The Via Dolorosa is one of the popular holy sites in the city of Jerusalem, itself one of the most popular places to visit in Israel. After Jesus met his passion and resurrection in Jerusalem, it is said that the Virgin Mary walked, many times, in her son's footsteps in remembrance of his suffering. This was the beginning of a tradition that is, today, carried out all over the world in memory of Jesus’ passion. There are twelve stations along the path of the Via Dolorosa, which is a Latin phrase, meaning the Way of Suffering or the Way of Sorrow; it is most commonly called the Way of the Cross.
Many people walk the path of Jesus stopping at each of the fourteen actual Stations of the Cross in Israel, including the final sites in the Church of the Holy Sepulcher. The traditional route of the Via Dolorosa in Jerusalem starts just inside the Lions Gate, also known as St Stephen's Gate, and makes its way westward through the city, toward the church. Some people even carry a cross during the stations that Jesus carried his cross, though, of course, it is not quite as heavy. It is said that Jesus was condemned by Pontius Pilate near what is now Lions Gate and carried the cross from the second station through the streets of Jerusalem, now busy with tourist shops and small restaurants.
Some of the stations of the cross in Israel commemorate Jesus' encounters with others during the walk to his crucifixion. At station four, venerated by the Armenian Church of Our Lady of the Spasm, it's said Mary watched with tears in her eyes as her son struggled under the weight of the cross. Simon of Cyrene is then forced to help Jesus with the cross at station five, and at station six, yet another miracle is said to have occurred when an imprint of Jesus' face is transferred to the cloth with which Veronica wipes it. The Church of the Holy Sepulcher is home to the final five Stations of the Cross in Israel; here, Jesus was stripped, nailed to the cross, died, was taken down, and finally laid to rest.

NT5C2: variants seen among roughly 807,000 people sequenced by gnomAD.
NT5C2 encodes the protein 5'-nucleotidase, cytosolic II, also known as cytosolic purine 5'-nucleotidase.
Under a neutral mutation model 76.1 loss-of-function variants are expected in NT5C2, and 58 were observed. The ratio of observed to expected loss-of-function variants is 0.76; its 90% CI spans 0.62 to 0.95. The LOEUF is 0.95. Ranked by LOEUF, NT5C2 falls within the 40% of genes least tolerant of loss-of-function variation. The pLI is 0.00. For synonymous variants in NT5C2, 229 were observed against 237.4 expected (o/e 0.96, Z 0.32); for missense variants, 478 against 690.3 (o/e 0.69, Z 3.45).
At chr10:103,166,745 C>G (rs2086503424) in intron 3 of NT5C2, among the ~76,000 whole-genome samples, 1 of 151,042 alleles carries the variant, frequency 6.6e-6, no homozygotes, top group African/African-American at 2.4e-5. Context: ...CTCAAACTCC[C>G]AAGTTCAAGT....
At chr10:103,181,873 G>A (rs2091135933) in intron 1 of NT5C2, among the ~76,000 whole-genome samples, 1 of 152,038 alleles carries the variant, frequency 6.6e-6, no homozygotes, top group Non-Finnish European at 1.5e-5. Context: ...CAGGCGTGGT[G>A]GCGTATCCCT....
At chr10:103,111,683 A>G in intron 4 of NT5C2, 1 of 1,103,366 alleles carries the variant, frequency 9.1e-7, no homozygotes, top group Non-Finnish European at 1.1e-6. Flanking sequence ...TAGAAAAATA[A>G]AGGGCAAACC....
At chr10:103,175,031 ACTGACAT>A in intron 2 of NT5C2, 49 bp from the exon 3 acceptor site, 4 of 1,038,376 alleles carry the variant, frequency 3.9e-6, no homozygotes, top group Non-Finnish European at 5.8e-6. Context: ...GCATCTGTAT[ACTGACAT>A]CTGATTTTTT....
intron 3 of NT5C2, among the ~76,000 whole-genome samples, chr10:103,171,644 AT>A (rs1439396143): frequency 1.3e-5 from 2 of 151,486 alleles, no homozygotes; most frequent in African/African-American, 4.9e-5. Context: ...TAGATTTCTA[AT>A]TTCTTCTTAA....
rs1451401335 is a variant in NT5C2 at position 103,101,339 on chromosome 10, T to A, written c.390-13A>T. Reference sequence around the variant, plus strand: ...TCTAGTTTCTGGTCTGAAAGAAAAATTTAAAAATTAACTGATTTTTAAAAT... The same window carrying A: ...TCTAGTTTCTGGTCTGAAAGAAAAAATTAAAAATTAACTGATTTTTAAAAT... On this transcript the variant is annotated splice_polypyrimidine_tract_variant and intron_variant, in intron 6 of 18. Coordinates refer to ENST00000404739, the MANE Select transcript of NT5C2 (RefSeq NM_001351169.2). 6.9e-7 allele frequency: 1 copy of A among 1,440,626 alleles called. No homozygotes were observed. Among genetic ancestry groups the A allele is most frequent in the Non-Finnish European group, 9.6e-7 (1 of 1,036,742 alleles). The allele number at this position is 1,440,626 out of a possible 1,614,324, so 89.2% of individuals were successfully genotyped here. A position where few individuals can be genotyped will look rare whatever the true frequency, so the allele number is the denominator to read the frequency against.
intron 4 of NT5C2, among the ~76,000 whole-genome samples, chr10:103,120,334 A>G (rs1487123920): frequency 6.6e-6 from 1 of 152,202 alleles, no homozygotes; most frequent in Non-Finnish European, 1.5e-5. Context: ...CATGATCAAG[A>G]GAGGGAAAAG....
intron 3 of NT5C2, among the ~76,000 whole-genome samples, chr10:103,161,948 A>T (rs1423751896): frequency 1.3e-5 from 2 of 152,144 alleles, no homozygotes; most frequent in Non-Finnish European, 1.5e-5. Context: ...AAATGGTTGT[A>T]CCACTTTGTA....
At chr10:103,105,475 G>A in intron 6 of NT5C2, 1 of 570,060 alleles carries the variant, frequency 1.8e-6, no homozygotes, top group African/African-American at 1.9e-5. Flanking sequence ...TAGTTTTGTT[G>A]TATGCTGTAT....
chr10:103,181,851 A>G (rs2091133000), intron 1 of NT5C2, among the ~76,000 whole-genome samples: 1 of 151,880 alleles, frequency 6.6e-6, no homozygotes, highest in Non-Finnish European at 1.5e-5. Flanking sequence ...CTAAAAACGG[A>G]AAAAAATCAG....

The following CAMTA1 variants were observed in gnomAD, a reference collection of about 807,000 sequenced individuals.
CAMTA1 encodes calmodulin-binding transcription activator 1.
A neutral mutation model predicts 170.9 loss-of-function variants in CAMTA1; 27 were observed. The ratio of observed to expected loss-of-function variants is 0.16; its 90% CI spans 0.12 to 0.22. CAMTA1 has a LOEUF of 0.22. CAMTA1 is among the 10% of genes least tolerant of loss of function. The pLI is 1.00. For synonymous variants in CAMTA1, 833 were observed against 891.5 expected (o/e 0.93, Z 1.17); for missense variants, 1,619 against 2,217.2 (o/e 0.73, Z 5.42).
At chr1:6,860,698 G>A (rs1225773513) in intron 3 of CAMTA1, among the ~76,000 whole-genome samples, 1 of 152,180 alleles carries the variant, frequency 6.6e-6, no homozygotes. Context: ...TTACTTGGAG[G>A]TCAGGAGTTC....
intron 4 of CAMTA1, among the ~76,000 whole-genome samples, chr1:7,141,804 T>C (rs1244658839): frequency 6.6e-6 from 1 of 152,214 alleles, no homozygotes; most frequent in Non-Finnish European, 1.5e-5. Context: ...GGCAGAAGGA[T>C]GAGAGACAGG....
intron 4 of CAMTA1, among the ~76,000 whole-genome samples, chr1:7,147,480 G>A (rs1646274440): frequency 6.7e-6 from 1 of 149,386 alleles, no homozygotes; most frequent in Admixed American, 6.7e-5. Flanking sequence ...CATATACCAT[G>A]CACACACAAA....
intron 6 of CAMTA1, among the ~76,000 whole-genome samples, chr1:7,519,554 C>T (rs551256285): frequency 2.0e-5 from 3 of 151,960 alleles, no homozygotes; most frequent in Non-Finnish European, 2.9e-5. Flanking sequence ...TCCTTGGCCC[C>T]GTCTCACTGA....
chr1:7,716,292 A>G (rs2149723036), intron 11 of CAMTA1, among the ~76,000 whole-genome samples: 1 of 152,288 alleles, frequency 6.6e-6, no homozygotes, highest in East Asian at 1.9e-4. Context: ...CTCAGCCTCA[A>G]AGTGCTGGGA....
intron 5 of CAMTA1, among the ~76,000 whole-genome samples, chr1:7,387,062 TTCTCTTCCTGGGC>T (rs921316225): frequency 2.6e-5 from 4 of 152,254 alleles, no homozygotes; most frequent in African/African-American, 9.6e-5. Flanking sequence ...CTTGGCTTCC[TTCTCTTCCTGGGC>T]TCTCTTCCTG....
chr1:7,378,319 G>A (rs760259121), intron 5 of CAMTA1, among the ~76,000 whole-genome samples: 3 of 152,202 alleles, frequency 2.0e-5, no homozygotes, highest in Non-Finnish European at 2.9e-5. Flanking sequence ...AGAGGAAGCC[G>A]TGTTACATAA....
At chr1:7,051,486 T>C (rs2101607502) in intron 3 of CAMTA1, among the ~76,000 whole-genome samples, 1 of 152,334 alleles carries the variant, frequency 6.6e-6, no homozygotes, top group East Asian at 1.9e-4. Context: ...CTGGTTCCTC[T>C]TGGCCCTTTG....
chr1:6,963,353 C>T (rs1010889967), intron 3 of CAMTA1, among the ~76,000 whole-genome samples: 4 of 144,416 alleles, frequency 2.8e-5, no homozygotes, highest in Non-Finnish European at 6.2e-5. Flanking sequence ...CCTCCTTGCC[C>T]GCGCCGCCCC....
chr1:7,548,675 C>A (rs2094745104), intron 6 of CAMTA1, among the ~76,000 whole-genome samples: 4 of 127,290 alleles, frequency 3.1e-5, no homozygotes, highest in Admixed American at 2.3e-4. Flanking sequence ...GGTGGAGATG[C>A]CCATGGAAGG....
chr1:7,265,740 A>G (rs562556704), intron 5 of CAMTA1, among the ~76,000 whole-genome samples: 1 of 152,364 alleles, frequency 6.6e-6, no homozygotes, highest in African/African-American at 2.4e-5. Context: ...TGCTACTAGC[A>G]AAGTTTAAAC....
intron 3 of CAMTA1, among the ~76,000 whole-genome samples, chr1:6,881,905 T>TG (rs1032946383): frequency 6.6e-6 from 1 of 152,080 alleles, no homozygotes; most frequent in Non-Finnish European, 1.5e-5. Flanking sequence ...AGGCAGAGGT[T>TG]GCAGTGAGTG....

Historians have concluded that this is in fact the place where of Jesus' death and burial, and from the time of the resurrection, celebrations were held at Christ’s tomb until about thirty years later, when the Romans annexed the city and leveled the area to make way for the Temple of Aphrodite. In 312 AD, Constantine the Great converted to Christianity and contracted several churches to be built throughout Israel, the Church of the Holy Sepulcher being the principal one. The Roman temple, foundation, and even the hillside were excavated to make room for the church to encompass the tomb of Jesus, and in the process, the Rock of Golgotha, the site of crucifixion, was discovered, along what is now the Via Dolorosa in Jerusalem.
Today, many people make the long trek of the Way of the Cross in Israel. Reenactments take place on the route regularly, from amateur to professional, making the Via Dolorosa a wonderful and entertaining sight as well as a solemn experience for tourists and visitors from any walk of life. An official prayer procession follows the path every Friday, and visitors are welcome to join in, or to walk the path on their own. Tours of the city, especially those that revolve around history and sacred sites, often include stops along the Via Dolorosa in Jerusalem, in addition to holy sites such as the Wailing Wall and the Dome of the Rock.